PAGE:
Returning to step 34, if, however, the user is a first-level subscriber, a test is made in step 40 to determine if there are circuits open in the shared hunt group. If there are circuits available, the call is assigned to the shared hunt group in step 42; if not, the call is blocked in step 44. Therefore, in this embodiment, provided that circuits are open in both the shared and dedicated hunt groups, incoming calls from second-level service subscribers are initially assigned to open circuits in the dedicated dial hunt group, while calls from first-level service subscribers are assigned to open circuits in the shared dial hunt group. Once the dedicated hunt group has reached capacity, new calls from second-level subscribers “overflow” into the shared dial hunt group, provided circuits are available.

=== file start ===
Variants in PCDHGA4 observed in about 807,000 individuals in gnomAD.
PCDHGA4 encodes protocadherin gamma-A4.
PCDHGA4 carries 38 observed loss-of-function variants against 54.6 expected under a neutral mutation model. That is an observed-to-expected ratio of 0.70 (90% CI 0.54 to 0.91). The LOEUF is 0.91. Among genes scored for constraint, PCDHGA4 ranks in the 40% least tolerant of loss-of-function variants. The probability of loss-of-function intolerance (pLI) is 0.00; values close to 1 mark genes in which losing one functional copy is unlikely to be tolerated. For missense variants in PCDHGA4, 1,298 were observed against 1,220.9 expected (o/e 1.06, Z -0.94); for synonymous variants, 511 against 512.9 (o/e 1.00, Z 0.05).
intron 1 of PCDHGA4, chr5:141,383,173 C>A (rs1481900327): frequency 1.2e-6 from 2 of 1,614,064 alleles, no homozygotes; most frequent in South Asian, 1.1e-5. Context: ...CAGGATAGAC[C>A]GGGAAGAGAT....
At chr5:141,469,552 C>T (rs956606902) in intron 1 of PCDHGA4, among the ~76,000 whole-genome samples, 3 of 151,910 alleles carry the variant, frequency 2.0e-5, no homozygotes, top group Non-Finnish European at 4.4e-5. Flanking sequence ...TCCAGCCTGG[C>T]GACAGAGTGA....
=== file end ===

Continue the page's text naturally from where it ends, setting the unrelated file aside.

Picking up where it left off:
Reference is now made to FIG. 3, which is a schematic diagram illustrating the method detailed in FIG. 1. It depicts the case of a service provider wanting to provide different classes of service to two groups of callers, a group A 50, consisting of users subscribing to a first service level, and a group B 52, consisting of users subscribing to a second service level. The service provider establishes two dial hunt groups. The first of these hunt groups 54 is shared among members of both groups of callers. The second dial hunt group 56 is only available to users of one group, say group B. As callers access the service, they are initially assigned to the shared dial hunt group 54. When all circuits in the shared hunt group 54 are in use, additional callers in group A 50 will be blocked. However additional callers in group B 52 will be served over circuits in the dedicated dial hunt group 56. Given things such as the number of callers in each group, the frequency with which they call, and the duration of their calls, it is possible to configure the sizes of the dial hunt groups such that callers in group B will have a lower percent of calls blocked than those in group A. Put another way, the members of group B will have a higher grade of service than those of group A. Furthermore, if there are differences in the calling characteristics of the two groups (say the maximum number of simultaneous callers in one group occurs at a different time of day than another group), then additional economies can be achieved while at the same time ensuring the desired performance levels.